bank, savings and loan association or credit union.
Such funds shall be maintained, in the lawyer's own
name, or in the name of a firm of lawyers of which he
or she is a member, or in the name of the lawyer or
firm of lawyers of whom he or she is employed, in a
special account or accounts, separate from any
business or personal accounts of the lawyer or
lawyer's firm, and separate from any accounts which
the lawyer may maintain as executor, guardian,
trustee or receiver, or in any other fiduciary
capacity, into which special account or accounts all
funds held in escrow or otherwise entrusted to the
lawyer or firm shall be deposited.
(2) A lawyer or the lawyer's firm shall identify the
special bank account or accounts required by
paragraph (1) of this subdivision as an "Attorney
Special Account," or "Attorney Trust Account," or
"Attorney Escrow Account," and shall obtain checks
and deposit slips that bear such title. Such Title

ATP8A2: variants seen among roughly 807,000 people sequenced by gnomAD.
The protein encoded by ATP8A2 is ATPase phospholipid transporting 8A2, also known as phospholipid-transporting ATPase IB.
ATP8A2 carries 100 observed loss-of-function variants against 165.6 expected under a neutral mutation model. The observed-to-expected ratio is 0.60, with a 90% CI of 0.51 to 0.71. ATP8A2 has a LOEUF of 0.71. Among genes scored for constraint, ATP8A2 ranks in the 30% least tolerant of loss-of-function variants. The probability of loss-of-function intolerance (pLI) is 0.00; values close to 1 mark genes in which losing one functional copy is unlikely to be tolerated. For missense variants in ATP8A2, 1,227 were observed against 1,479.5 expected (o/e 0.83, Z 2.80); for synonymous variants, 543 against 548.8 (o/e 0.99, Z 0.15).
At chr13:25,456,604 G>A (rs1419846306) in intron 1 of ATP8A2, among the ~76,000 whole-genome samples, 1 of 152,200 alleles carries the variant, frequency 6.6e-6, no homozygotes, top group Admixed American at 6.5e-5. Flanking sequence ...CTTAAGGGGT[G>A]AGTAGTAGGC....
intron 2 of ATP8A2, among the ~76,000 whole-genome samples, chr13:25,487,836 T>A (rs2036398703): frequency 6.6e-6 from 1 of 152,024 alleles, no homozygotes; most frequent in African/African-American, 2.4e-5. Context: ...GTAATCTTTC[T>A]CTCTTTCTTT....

may be accompanied by such other descriptive language
as the lawyer may deem appropriate, provided that
such additional language distinguishes such special
account or accounts from other bank accounts that are
maintained by the lawyer or the lawyer's firm.
Attorneys who misuse escrow accounts are subject to disciplinary
proceedings. See 22 N.Y.C.R.R. 1200.46(h).
Furthermore, pursuant to the Dishonored Check Reporting Rules
For Attorney Special, Trust and Escrow Accounts:
(a) Special bank accounts required by
[22 N.Y.C.R.R. § 1200.46] shall be maintained only in banking
institutions which have agreed to provide dishonored
check reports in accordance with the provisions of
this section. (b) An agreement to provide dishonored check reports
shall be filed with the Lawyer's Fund for Client
Protection, which shall maintain a central registry
of all banking institutions which have been approved
in accordance with this section, and the current
status of such agreement.
(c) A dishonored check report by a banking
institution shall be required whenever a properly
payable instrument is presented against an attorney
special, trust or escrow account which contains
insufficient available funds, and the banking
institution dishonors the instrument for the reason.
* * *
(h) Every lawyer admitted to the Bar of the State of
New York shall be deemed to have consented to the
dishonored check reporting requirements of this